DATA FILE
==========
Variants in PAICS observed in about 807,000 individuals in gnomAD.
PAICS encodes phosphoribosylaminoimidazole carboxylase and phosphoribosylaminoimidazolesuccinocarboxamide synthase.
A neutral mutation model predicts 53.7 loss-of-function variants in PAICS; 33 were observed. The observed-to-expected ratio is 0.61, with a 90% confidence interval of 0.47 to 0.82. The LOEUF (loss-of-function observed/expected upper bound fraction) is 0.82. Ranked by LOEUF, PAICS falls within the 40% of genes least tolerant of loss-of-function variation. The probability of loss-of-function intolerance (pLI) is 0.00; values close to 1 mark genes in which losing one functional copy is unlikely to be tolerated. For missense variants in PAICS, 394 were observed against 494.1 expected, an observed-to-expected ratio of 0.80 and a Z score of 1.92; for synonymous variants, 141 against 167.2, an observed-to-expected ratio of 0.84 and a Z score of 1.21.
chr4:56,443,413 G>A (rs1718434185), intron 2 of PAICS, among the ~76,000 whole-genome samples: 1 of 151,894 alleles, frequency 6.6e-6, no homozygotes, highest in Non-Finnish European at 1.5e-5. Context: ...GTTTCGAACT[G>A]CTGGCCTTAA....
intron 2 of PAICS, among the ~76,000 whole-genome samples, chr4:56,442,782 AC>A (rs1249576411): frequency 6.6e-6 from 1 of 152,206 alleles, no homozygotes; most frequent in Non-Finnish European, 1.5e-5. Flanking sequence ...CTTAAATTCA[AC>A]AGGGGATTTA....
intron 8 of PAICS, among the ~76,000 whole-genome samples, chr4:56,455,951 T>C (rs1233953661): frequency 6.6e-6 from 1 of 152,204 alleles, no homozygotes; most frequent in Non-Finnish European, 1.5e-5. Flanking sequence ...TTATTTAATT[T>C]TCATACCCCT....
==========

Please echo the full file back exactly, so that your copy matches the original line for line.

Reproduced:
Variants in PAICS observed in about 807,000 individuals in gnomAD.
PAICS encodes phosphoribosylaminoimidazole carboxylase and phosphoribosylaminoimidazolesuccinocarboxamide synthase.
A neutral mutation model predicts 53.7 loss-of-function variants in PAICS; 33 were observed. The observed-to-expected ratio is 0.61, with a 90% confidence interval of 0.47 to 0.82. The LOEUF (loss-of-function observed/expected upper bound fraction) is 0.82. Ranked by LOEUF, PAICS falls within the 40% of genes least tolerant of loss-of-function variation. The probability of loss-of-function intolerance (pLI) is 0.00; values close to 1 mark genes in which losing one functional copy is unlikely to be tolerated. For missense variants in PAICS, 394 were observed against 494.1 expected, an observed-to-expected ratio of 0.80 and a Z score of 1.92; for synonymous variants, 141 against 167.2, an observed-to-expected ratio of 0.84 and a Z score of 1.21.
chr4:56,443,413 G>A (rs1718434185), intron 2 of PAICS, among the ~76,000 whole-genome samples: 1 of 151,894 alleles, frequency 6.6e-6, no homozygotes, highest in Non-Finnish European at 1.5e-5. Context: ...GTTTCGAACT[G>A]CTGGCCTTAA....
intron 2 of PAICS, among the ~76,000 whole-genome samples, chr4:56,442,782 AC>A (rs1249576411): frequency 6.6e-6 from 1 of 152,206 alleles, no homozygotes; most frequent in Non-Finnish European, 1.5e-5. Flanking sequence ...CTTAAATTCA[AC>A]AGGGGATTTA....
intron 8 of PAICS, among the ~76,000 whole-genome samples, chr4:56,455,951 T>C (rs1233953661): frequency 6.6e-6 from 1 of 152,204 alleles, no homozygotes; most frequent in Non-Finnish European, 1.5e-5. Flanking sequence ...TTATTTAATT[T>C]TCATACCCCT....